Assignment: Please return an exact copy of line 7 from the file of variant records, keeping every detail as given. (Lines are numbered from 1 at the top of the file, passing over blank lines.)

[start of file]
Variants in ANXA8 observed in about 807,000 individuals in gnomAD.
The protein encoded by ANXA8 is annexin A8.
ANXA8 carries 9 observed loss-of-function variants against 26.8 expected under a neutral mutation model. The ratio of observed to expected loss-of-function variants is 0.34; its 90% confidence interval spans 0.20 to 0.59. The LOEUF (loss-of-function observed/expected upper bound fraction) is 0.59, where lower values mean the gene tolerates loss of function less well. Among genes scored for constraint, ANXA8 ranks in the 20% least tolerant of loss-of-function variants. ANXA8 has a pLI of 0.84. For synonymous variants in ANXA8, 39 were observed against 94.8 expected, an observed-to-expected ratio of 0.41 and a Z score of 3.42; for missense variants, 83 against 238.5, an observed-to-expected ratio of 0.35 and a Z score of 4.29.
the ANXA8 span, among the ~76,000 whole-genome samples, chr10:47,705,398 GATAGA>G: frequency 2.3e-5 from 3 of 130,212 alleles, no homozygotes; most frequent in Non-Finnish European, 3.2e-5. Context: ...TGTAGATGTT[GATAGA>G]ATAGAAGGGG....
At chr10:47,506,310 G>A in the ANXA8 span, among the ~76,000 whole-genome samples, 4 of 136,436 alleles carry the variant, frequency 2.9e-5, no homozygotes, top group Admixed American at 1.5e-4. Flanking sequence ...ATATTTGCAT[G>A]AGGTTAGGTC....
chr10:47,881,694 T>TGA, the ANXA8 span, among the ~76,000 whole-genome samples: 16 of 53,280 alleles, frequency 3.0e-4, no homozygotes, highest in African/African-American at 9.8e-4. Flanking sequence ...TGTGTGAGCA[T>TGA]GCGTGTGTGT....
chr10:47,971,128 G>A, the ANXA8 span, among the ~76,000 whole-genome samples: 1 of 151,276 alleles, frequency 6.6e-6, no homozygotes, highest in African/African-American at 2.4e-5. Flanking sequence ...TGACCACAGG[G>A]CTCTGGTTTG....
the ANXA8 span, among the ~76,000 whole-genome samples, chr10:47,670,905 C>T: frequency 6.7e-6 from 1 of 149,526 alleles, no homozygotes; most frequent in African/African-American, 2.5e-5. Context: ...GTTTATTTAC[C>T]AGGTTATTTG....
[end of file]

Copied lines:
chr10:47,971,128 G>A, the ANXA8 span, among the ~76,000 whole-genome samples: 1 of 151,276 alleles, frequency 6.6e-6, no homozygotes, highest in African/African-American at 2.4e-5. Flanking sequence ...TGACCACAGG[G>A]CTCTGGTTTG....